Over the long term, this facility will help new products, processes and technologies come to market and facilitate the growth and expansion of a new generation of businesses. By investing a total of $5 million towards SAIT's applied research development and commercialization activities, WD is investing in the skilled workers, innovators and business that will help will drive the Western economy in the future.

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Improving oil extraction technology

Dr. Carolyn Preston, Executive Director of the Petroleum Technology Research Centre and Mr. Ernie Pappas, Vice President, Energy, of the Saskatchewan Research Council show Minister Yelich the 3-D physical model used to characterize oil reservoirs during a tour of the PTRC lab.

Dr. Carolyn Preston, Executive Director of the Petroleum Technology Research Centre and Mr. Ernie Pappas, Vice President, Energy, of the Saskatchewan Research Council show Minister Yelich the 3-D physical model used to characterize oil reservoirs during a tour of the PTRC lab.

With half of the world's remaining petroleum reserves locked in "unconventional" sources, such as oil sands and shale, it's good business for companies to get more of their product out of the ground while reducing costs and environmental impacts.

Currently, the most common method of oil extraction uses steam, which requires considerable amounts of energy and water. However, Regina's Petroleum Technology Research Centre (PTRC) team recently began two research projects that aim to increase oil extraction efficiency and reduce strain on resources.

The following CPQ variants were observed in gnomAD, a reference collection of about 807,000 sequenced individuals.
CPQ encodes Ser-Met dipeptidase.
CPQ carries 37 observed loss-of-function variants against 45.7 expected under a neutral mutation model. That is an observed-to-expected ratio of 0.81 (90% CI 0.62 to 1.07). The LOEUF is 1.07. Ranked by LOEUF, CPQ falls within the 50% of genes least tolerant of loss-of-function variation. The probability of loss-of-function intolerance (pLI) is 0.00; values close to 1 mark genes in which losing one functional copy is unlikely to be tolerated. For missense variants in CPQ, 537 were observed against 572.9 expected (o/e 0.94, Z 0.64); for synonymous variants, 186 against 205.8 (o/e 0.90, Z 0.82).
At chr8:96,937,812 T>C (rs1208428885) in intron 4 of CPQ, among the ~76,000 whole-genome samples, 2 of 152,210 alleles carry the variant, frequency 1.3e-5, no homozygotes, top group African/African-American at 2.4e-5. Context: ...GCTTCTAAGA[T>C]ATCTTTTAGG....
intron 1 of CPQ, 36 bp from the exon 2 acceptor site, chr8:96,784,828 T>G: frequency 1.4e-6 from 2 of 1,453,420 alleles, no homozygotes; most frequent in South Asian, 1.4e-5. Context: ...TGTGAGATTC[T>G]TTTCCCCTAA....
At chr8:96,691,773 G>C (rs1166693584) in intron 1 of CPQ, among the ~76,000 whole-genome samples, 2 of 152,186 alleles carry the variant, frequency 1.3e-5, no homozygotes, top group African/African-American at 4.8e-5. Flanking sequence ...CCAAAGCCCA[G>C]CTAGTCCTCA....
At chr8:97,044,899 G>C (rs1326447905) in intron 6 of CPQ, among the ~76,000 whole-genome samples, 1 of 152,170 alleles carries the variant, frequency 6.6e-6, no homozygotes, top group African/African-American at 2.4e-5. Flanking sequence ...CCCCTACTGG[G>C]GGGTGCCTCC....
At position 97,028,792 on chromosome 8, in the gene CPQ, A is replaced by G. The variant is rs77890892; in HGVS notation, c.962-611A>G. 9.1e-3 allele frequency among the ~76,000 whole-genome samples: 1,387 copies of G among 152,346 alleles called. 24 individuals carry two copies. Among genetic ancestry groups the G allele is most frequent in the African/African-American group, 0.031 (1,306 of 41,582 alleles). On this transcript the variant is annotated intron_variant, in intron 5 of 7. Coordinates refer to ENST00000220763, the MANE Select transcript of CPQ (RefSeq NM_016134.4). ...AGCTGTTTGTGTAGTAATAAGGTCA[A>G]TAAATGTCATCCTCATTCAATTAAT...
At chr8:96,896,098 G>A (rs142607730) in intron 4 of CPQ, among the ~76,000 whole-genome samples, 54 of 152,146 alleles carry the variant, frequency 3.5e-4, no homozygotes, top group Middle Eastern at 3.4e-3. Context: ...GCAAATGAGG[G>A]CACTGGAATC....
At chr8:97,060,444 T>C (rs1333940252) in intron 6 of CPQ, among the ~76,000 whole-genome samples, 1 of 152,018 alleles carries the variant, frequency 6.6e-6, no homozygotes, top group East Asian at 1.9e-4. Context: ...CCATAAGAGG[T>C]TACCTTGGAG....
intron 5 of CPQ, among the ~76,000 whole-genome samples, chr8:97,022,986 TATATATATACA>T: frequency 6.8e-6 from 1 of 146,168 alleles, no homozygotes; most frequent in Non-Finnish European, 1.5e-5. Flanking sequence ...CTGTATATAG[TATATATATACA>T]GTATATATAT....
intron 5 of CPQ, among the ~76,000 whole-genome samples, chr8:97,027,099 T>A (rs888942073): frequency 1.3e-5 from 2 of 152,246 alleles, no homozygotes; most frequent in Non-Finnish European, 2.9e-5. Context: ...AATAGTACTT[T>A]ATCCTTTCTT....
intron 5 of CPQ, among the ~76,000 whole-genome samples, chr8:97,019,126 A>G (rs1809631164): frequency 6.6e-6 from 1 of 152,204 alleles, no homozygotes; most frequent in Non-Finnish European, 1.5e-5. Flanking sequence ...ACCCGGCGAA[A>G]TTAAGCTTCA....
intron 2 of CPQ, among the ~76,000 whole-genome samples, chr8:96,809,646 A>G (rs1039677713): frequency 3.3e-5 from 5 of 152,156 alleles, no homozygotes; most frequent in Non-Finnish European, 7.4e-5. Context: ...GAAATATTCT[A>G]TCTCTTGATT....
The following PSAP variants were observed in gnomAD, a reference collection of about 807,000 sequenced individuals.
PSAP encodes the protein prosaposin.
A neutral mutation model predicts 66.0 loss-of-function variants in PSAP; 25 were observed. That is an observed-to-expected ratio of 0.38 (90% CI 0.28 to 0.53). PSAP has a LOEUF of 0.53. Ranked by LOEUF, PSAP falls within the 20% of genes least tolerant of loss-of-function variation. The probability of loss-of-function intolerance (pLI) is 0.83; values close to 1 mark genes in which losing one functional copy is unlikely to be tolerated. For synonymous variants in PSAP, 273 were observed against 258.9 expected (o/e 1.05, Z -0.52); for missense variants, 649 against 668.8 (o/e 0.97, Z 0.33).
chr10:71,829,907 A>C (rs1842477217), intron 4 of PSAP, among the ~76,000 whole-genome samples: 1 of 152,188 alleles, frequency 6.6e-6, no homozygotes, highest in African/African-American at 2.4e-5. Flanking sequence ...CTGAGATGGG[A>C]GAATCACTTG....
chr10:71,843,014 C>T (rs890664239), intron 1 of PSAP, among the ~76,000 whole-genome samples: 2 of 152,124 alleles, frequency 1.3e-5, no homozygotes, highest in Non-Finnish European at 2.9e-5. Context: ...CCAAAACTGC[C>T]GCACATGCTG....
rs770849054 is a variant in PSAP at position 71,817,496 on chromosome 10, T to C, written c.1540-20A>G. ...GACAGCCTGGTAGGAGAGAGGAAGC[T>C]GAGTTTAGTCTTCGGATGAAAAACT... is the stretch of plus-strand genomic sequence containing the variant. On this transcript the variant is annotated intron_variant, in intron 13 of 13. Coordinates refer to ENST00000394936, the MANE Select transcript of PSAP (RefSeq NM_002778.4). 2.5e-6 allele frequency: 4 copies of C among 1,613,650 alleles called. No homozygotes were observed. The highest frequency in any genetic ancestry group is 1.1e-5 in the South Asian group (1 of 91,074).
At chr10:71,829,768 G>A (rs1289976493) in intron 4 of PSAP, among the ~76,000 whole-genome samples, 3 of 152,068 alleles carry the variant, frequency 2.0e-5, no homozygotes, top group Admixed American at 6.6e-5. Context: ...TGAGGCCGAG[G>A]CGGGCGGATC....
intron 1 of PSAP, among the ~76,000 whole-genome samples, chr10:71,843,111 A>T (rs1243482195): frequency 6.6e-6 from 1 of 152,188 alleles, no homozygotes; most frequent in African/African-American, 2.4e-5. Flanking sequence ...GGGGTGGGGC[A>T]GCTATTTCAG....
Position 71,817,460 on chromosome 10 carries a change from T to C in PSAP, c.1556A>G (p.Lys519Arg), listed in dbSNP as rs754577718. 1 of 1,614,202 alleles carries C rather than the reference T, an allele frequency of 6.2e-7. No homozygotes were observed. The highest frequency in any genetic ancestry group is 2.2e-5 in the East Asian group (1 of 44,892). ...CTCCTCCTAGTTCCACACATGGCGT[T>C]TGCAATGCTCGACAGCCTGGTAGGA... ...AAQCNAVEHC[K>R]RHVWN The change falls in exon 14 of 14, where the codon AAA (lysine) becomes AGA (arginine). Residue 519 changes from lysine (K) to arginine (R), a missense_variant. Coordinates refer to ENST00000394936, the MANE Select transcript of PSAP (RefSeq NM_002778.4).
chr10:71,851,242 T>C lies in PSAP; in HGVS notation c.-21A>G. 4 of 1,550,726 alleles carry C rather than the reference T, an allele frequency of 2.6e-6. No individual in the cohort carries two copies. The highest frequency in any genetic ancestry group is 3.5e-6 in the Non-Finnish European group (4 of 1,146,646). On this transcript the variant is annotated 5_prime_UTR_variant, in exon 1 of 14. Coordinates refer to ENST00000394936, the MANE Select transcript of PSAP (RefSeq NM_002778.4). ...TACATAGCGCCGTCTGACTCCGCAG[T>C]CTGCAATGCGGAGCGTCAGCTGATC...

"The development of advanced oil extraction technologies can improve the overall efficiency of the extraction process, while mitigating environmental impacts and reducing the overall cost for industry," said Minister of State Yelich. "The commercialization of these technologies can have a significant, long-term impact on the Canadian economy and solidify the West as a leader in innovation."

The first project seeks to eliminate the use of steam in the extraction of oil sands bitumen by using solvents rather than water. Solvent vapour extraction technology injects solvents (like propane and butane) into a reservoir to facilitate oil extraction.